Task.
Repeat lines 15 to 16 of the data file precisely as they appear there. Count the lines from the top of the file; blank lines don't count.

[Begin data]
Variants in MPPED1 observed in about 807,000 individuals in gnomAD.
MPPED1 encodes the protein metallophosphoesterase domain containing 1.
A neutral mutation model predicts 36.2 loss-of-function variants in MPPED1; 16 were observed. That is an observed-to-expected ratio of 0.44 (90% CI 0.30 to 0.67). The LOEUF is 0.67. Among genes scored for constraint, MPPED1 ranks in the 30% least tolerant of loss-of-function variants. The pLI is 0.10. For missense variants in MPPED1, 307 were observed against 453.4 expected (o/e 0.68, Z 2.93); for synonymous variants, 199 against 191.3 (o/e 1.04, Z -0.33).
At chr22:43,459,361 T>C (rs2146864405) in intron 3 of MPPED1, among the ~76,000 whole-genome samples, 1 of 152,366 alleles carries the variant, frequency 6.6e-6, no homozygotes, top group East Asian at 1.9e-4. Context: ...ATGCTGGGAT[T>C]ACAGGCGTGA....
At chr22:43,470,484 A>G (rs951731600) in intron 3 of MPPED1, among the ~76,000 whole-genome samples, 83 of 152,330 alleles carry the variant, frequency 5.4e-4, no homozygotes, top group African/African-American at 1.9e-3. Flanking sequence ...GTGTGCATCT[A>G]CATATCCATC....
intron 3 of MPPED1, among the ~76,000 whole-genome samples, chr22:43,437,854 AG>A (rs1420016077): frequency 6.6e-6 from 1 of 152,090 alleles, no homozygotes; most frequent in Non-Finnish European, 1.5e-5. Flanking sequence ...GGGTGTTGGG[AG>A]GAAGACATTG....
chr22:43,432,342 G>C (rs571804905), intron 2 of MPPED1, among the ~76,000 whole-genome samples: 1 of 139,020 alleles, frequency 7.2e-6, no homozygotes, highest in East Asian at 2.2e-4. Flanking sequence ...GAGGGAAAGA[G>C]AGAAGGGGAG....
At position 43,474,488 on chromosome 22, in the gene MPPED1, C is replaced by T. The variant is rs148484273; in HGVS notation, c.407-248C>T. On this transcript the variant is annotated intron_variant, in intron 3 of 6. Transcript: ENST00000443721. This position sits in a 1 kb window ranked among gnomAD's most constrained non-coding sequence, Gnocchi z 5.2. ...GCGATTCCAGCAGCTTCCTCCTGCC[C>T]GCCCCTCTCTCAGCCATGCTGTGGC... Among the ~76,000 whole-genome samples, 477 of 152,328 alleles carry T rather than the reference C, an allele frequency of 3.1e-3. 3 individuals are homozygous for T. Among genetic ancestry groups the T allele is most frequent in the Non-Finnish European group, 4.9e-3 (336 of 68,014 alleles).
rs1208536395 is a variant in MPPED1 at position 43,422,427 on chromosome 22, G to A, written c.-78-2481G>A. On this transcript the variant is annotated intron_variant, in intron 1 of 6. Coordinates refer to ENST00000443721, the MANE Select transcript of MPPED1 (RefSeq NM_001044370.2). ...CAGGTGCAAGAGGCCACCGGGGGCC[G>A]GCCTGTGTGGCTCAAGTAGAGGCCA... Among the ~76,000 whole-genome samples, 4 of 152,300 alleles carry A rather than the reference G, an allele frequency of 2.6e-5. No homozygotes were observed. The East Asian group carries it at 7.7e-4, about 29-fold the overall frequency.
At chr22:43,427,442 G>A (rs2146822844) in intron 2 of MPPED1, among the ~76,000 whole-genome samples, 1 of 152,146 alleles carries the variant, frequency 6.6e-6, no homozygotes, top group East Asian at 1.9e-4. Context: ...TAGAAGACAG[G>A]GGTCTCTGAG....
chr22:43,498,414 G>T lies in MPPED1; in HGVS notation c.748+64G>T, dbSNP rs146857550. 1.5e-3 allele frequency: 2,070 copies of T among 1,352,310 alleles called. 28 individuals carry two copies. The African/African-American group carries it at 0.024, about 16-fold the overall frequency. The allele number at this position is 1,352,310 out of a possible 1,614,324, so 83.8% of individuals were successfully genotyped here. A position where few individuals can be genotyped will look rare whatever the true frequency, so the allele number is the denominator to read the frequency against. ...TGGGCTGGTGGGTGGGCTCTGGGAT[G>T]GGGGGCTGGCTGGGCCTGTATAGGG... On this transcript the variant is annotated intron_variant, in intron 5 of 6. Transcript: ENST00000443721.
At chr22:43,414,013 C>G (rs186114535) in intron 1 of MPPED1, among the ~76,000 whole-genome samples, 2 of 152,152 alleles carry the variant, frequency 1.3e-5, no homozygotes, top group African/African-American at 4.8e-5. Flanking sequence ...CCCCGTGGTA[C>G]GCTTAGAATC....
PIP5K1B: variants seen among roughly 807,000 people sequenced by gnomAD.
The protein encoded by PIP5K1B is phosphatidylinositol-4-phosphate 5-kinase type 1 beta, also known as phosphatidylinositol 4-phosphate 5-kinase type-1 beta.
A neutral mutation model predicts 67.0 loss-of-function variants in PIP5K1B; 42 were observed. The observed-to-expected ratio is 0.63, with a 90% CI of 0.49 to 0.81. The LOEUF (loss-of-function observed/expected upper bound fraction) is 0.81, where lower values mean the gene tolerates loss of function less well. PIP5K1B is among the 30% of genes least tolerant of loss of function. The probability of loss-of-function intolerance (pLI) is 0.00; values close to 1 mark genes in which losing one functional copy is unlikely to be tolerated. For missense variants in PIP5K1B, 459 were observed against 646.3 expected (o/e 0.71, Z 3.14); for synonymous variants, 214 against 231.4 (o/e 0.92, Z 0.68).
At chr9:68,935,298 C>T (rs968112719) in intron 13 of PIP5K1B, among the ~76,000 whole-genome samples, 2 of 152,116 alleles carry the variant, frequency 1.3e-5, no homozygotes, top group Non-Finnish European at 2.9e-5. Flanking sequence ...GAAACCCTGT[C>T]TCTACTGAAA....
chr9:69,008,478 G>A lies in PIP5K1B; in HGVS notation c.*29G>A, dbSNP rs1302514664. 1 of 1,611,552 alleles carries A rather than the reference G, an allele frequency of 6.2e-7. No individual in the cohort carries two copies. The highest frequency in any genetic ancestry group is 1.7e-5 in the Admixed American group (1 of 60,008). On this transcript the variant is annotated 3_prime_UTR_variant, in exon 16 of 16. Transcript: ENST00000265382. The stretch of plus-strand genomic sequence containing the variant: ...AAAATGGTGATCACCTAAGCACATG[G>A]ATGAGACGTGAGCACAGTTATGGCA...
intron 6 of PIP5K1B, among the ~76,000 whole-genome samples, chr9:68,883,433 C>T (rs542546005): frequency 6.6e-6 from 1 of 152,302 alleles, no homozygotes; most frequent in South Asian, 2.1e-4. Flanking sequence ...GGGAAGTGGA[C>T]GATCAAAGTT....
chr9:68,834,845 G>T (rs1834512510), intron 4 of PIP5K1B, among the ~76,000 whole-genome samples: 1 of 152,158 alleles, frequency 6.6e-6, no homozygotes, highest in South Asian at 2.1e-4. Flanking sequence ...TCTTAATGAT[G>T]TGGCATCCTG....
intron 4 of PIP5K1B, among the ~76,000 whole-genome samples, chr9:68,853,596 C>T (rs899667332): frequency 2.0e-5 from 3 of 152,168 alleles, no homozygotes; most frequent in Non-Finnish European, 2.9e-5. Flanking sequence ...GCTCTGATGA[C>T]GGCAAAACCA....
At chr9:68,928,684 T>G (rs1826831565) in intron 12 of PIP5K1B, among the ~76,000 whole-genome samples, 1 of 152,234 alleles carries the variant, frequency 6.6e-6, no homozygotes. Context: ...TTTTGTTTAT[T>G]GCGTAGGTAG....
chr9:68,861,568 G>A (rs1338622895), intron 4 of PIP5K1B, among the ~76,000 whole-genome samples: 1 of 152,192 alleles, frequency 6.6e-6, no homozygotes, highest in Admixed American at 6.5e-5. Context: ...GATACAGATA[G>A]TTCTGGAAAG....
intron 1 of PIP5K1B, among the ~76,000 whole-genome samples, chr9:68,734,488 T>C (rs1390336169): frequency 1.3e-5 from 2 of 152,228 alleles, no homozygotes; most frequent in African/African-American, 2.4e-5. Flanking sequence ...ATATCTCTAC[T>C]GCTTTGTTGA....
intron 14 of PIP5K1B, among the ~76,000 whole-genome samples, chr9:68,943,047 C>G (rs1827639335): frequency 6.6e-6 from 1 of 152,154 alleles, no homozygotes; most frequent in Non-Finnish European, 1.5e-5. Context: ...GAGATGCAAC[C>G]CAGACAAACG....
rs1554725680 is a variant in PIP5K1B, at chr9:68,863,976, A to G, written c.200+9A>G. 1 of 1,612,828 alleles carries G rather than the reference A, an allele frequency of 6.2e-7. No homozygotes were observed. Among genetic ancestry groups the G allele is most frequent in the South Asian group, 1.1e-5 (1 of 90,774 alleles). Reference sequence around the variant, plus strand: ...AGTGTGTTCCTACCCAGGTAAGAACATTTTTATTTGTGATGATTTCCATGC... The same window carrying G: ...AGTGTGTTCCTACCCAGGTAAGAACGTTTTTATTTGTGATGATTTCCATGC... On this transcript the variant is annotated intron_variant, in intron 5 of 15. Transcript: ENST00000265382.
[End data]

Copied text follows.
A neutral mutation model predicts 67.0 loss-of-function variants in PIP5K1B; 42 were observed. The observed-to-expected ratio is 0.63, with a 90% CI of 0.49 to 0.81. The LOEUF (loss-of-function observed/expected upper bound fraction) is 0.81, where lower values mean the gene tolerates loss of function less well. PIP5K1B is among the 30% of genes least tolerant of loss of function. The probability of loss-of-function intolerance (pLI) is 0.00; values close to 1 mark genes in which losing one functional copy is unlikely to be tolerated. For missense variants in PIP5K1B, 459 were observed against 646.3 expected (o/e 0.71, Z 3.14); for synonymous variants, 214 against 231.4 (o/e 0.92, Z 0.68).
At chr9:68,935,298 C>T (rs968112719) in intron 13 of PIP5K1B, among the ~76,000 whole-genome samples, 2 of 152,116 alleles carry the variant, frequency 1.3e-5, no homozygotes, top group Non-Finnish European at 2.9e-5. Flanking sequence ...GAAACCCTGT[C>T]TCTACTGAAA....